Women in maternity dresses nurture the child in the womb, breast feed and care for the baby once born, the whole thing has been natural throughout the ages of man, and is equally applicable in the animal kingdom.
There have been fictional books written about the rearing of children in the Wild, Tarzan by apes in the jungle, Mowgli raised by wolves in Central India in Rudyard Kiplings famous novel, the Jungle Book, but a factual situation that has been repeated on a number of occasions can actually be seen on film, the attempt to rear orphaned antelopes, oryx, by a lioness in Samburu National Game Reserve in Northern Kenya.
The river running through the Park is the only reason why wildlife is sustainable, but even this river can be dry for long periods in which case its large nile crocodile population merely hibernates in the drying mud of the river bed and waits for rains to come, and the river to flow again.
The lioness and the baby oryx first came on to our screens in 2008 but in fact the action had taken place a few years earlier when the female lioness was thought to be only two or three years old. An orphaned oryx just a few days old was wandering around in this most arid of Parks, and came upon a lioness who instead of seeing this youngster as prey, stood guard over it for nearly two weeks before a male lion came and killed it. A sad ending but fairly inevitable because the oryx was in need of its mothers milk, and being orphaned and deprived of that milk had no chance of survival.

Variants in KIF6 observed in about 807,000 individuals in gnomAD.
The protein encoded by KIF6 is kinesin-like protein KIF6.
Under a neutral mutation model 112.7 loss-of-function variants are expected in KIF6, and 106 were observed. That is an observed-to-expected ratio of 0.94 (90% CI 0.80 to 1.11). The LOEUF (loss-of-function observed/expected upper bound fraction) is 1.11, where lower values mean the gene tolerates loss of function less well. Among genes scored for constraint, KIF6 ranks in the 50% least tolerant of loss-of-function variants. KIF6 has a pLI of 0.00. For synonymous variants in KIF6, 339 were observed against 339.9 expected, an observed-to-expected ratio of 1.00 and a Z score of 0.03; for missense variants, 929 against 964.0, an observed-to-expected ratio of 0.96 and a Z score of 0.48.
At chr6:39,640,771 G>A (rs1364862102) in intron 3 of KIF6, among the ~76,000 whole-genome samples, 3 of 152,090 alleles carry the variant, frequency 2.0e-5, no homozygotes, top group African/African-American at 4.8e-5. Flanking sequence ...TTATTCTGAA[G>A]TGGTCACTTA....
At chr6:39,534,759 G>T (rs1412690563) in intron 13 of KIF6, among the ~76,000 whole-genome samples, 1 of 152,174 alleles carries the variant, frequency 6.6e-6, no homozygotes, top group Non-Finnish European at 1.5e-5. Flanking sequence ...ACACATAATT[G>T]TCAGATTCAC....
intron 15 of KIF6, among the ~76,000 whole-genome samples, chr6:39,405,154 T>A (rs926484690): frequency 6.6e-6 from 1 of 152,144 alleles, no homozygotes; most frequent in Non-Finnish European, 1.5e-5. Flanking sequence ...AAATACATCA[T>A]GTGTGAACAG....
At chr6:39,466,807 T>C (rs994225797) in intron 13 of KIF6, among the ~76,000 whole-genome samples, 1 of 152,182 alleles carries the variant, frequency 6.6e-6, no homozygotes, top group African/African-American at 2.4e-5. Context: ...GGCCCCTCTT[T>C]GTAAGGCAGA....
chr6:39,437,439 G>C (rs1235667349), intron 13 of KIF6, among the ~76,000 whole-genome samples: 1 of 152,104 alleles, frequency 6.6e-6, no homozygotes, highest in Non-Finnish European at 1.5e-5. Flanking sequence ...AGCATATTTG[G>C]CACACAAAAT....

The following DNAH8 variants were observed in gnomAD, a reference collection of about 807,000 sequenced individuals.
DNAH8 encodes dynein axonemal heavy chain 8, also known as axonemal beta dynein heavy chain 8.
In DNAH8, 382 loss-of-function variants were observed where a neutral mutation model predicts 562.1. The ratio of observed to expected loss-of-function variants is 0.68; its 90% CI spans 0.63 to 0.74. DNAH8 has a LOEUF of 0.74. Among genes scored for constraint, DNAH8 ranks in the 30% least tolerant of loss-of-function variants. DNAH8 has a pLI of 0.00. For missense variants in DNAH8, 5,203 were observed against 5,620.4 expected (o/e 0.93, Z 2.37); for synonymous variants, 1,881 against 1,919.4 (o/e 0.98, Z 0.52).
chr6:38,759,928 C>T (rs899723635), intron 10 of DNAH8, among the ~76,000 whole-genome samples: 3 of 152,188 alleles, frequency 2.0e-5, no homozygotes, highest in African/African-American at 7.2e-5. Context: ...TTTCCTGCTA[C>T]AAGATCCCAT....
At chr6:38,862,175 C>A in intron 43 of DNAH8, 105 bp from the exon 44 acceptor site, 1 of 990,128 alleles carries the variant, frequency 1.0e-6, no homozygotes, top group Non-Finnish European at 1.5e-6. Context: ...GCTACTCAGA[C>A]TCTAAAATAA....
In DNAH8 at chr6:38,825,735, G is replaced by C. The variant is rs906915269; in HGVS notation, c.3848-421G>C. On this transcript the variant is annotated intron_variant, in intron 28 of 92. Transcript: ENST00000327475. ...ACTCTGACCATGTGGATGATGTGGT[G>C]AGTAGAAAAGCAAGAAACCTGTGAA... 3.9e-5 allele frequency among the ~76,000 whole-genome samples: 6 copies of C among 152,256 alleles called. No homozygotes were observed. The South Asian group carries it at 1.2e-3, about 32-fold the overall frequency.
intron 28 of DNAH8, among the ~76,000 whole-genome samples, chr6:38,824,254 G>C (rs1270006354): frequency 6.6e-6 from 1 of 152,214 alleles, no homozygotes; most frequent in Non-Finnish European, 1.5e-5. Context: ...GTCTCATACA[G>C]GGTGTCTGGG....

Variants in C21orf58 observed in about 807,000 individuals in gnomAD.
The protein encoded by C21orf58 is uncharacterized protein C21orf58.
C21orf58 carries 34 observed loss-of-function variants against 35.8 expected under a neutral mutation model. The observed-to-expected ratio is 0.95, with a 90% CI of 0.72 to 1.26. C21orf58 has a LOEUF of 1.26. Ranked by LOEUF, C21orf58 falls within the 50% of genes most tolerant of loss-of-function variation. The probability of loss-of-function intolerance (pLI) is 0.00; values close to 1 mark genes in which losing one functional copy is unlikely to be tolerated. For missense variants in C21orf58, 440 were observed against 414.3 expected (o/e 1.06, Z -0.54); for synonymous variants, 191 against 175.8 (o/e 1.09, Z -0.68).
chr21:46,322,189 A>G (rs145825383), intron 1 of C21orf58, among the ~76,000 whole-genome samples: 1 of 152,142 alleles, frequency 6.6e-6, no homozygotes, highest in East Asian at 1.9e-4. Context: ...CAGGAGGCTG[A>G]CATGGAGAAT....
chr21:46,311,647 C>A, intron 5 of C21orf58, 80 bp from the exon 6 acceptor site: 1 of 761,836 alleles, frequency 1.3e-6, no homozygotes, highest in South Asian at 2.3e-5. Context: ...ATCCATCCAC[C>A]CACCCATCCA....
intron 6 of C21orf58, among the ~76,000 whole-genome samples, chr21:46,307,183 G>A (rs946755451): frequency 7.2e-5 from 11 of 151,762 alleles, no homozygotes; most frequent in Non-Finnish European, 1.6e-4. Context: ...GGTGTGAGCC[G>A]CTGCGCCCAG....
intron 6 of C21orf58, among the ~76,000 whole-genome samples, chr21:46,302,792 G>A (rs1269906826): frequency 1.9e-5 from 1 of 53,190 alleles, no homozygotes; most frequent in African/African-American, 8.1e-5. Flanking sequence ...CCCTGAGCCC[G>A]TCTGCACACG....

The locals named this lioness, Kamunyak, blessed one in maa, the language of the Samburu Tribe who still live the traditional nomadic lives of their forefathers, continually taking their herds of cattle, goats, sheep and even camels in search of water.
Kamunyak by all accounts adopted five other antelopes in the same way. On two occasions the mother returned within a couple of days and the pair ran off but where the mother did not reappear, Kamunyak failed to keep the baby alive for more than a few days due to the lack of milk.
There are a few theories about Kamunyak who has not been seen for a few years now. Possibly barren, and with the oryx looking a similar colour to a lion cub, she was trying to fulfil her maternal instincts, but a solitary lioness who should have been part of a pride has more problems than being barren so that does no fully explain this unique animal.
She would have been a very good mother of cubs, but it seems that it did not happen. The blessed one has not had the blessing of offspring unlike millions of women, dressed in maternity dresses during pregnancy, and ever caring once they have given birth.